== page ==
3. Rod-Specific Dhdds Knockout Mouse

Using Cre-lox technology, mice that express Cre recombinase under the control of the rod opsin promoter (Rho-iCre75; [11]) were mated with Dhddsflx/flx mice, harboring loxP sites flanking Dhdds exon 3, (both on a C57BL/6J background) to generate mice that had Dhdds ablated selectively in rod photoreceptor cells, starting at PN day 7 [12]. This approach more closely models the degenerative effects of RP59-associated severe mutations with expected null DHDDS activity (e.g., W64X) [3][12][13][14]. At PN 4 weeks of age (allowing sufficient time for complete maturation of the retina), the structure of retinas of Dhdds knockout mice was comparable to that of age-matched control mice (the latter being Dhddsflx/flx iCre mice, rather than WT), as determined by SD-OCT as well as correlative histological analysis; yet, there were subtle, but measurable, ERG deficits in the mutant retinas (predominantly in scotopic a-wave amplitudes), compared to age-matched controls.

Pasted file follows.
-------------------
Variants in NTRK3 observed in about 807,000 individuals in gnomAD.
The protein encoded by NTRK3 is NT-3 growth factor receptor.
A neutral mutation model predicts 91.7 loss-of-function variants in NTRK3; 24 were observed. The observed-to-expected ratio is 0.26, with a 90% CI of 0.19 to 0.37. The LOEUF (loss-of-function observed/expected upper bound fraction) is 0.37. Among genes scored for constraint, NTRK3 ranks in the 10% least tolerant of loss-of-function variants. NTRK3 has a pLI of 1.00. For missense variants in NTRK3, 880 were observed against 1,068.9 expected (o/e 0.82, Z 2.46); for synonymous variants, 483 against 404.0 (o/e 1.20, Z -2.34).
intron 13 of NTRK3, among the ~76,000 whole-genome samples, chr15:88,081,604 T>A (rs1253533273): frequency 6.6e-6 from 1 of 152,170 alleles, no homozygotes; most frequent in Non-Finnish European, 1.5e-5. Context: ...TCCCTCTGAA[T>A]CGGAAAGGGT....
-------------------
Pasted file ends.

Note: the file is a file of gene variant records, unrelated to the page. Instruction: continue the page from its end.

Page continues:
By PN 5 weeks of age, however, about 50% of the photoreceptors had died and dropped out, rod outer segment (OS) lengths were dramatically reduced, and the ERG deficits (scotopic and photopic) were comparably profound. By PN 6 weeks of age, there were few if any remnant photoreceptor cells and ERG responses were nearly extinguished. Importantly, at PN 4 weeks (i.e., prior to any obvious histological defects in the retina were manifest), the total dolichol content of the neural retina was decreased by ca. 50% in mutant mice, compared to age-matched controls. Additionally, at this time point, the ONL in mutant mouse retinas was devoid of Dhdds mRNA, as detected by in situ hybridization, whereas mRNA content of the INL in both mutant and control retinas was comparable (serving as an internal control), thus validating the cell type-specificity and efficiency of the Dhdds ablation. In addition, at PN 5 weeks, the rod-specific Dhdds knockout retina exhibited marked gliotic reactivity, as evidenced by dramatically elevated GFAP levels, measured by Western blot analysis as well as immunofluorescence confocal microscopy. There also were signs of a localized neuroinflammatory process and phagoptosis, as Iba-positive cells (consistent with activated microglia) were observed to invade the outer retina, some of which were seen to engulf TUNEL-positive (dying/dead) photoreceptor nuclei, and the levels of ICAM (an inflammatory cytokine) increased by >5-fold in mutant retinas, relative to age-matched controls. In addition, as observed in the DhddsK42E/K42E mouse model, lectin cytochemical analysis revealed the lack of any obvious protein N-glycosylation defect in the retina of this rod-specific Dhdds knockout model. Additionally, Western blot analysis of mutant vs. control retinas showed no glycosylation defect either in rod opsin (the most prominent glycoprotein in the vertebrate retina [15]) or in LAMP2 (a glycoprotein biomarker for lysosomal membranes [16]).